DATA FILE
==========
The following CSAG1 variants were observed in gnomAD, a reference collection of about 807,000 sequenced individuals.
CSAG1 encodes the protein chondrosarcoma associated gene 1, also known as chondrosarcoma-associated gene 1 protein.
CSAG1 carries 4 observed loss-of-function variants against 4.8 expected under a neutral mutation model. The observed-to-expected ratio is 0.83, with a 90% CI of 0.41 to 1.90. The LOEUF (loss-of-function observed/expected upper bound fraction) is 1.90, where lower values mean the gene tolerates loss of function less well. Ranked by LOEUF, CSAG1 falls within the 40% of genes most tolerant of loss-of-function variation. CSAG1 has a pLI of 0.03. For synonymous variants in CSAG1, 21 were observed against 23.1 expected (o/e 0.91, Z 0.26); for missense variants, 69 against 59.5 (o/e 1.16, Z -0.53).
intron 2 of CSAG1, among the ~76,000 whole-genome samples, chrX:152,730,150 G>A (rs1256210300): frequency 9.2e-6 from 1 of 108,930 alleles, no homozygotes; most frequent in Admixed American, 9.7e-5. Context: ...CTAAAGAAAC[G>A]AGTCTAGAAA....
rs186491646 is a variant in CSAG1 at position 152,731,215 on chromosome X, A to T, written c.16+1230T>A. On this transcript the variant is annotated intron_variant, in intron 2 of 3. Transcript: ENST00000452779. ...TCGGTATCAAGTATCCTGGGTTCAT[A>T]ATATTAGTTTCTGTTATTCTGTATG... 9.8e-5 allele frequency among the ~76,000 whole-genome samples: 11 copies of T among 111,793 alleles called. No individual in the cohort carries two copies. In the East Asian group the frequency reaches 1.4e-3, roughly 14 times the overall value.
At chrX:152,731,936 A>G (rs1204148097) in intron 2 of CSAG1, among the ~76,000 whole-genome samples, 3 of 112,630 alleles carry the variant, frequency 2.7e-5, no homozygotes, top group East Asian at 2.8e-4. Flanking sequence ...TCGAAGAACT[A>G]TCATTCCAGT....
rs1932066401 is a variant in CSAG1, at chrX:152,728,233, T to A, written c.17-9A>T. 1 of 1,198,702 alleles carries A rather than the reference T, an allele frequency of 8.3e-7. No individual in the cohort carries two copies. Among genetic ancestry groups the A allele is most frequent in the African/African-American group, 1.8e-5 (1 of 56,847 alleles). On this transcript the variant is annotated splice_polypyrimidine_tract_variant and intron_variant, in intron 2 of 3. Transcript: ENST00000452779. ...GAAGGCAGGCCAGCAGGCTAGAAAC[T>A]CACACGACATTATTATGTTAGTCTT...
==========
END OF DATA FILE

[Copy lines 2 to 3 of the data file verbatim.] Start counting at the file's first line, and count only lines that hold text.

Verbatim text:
CSAG1 encodes the protein chondrosarcoma associated gene 1, also known as chondrosarcoma-associated gene 1 protein.
CSAG1 carries 4 observed loss-of-function variants against 4.8 expected under a neutral mutation model. The observed-to-expected ratio is 0.83, with a 90% CI of 0.41 to 1.90. The LOEUF (loss-of-function observed/expected upper bound fraction) is 1.90, where lower values mean the gene tolerates loss of function less well. Ranked by LOEUF, CSAG1 falls within the 40% of genes most tolerant of loss-of-function variation. CSAG1 has a pLI of 0.03. For synonymous variants in CSAG1, 21 were observed against 23.1 expected (o/e 0.91, Z 0.26); for missense variants, 69 against 59.5 (o/e 1.16, Z -0.53).